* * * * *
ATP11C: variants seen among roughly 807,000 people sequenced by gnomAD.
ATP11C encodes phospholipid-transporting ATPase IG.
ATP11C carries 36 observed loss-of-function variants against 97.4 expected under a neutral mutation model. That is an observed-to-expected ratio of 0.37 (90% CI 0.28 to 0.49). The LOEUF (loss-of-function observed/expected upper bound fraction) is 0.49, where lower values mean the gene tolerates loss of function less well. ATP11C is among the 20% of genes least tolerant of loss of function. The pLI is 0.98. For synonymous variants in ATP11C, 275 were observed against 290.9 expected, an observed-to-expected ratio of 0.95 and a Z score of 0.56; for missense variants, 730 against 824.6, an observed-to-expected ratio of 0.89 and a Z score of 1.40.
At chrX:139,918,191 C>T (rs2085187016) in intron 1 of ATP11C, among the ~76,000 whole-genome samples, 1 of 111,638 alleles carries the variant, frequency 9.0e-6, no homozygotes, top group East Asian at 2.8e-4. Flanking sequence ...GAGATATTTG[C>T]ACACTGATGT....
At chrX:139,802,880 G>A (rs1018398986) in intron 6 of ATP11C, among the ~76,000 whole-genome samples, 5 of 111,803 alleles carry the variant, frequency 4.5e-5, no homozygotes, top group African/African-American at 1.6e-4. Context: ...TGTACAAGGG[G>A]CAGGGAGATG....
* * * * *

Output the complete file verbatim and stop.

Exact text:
ATP11C: variants seen among roughly 807,000 people sequenced by gnomAD.
ATP11C encodes phospholipid-transporting ATPase IG.
ATP11C carries 36 observed loss-of-function variants against 97.4 expected under a neutral mutation model. That is an observed-to-expected ratio of 0.37 (90% CI 0.28 to 0.49). The LOEUF (loss-of-function observed/expected upper bound fraction) is 0.49, where lower values mean the gene tolerates loss of function less well. ATP11C is among the 20% of genes least tolerant of loss of function. The pLI is 0.98. For synonymous variants in ATP11C, 275 were observed against 290.9 expected, an observed-to-expected ratio of 0.95 and a Z score of 0.56; for missense variants, 730 against 824.6, an observed-to-expected ratio of 0.89 and a Z score of 1.40.
At chrX:139,918,191 C>T (rs2085187016) in intron 1 of ATP11C, among the ~76,000 whole-genome samples, 1 of 111,638 alleles carries the variant, frequency 9.0e-6, no homozygotes, top group East Asian at 2.8e-4. Flanking sequence ...GAGATATTTG[C>T]ACACTGATGT....
At chrX:139,802,880 G>A (rs1018398986) in intron 6 of ATP11C, among the ~76,000 whole-genome samples, 5 of 111,803 alleles carry the variant, frequency 4.5e-5, no homozygotes, top group African/African-American at 1.6e-4. Context: ...TGTACAAGGG[G>A]CAGGGAGATG....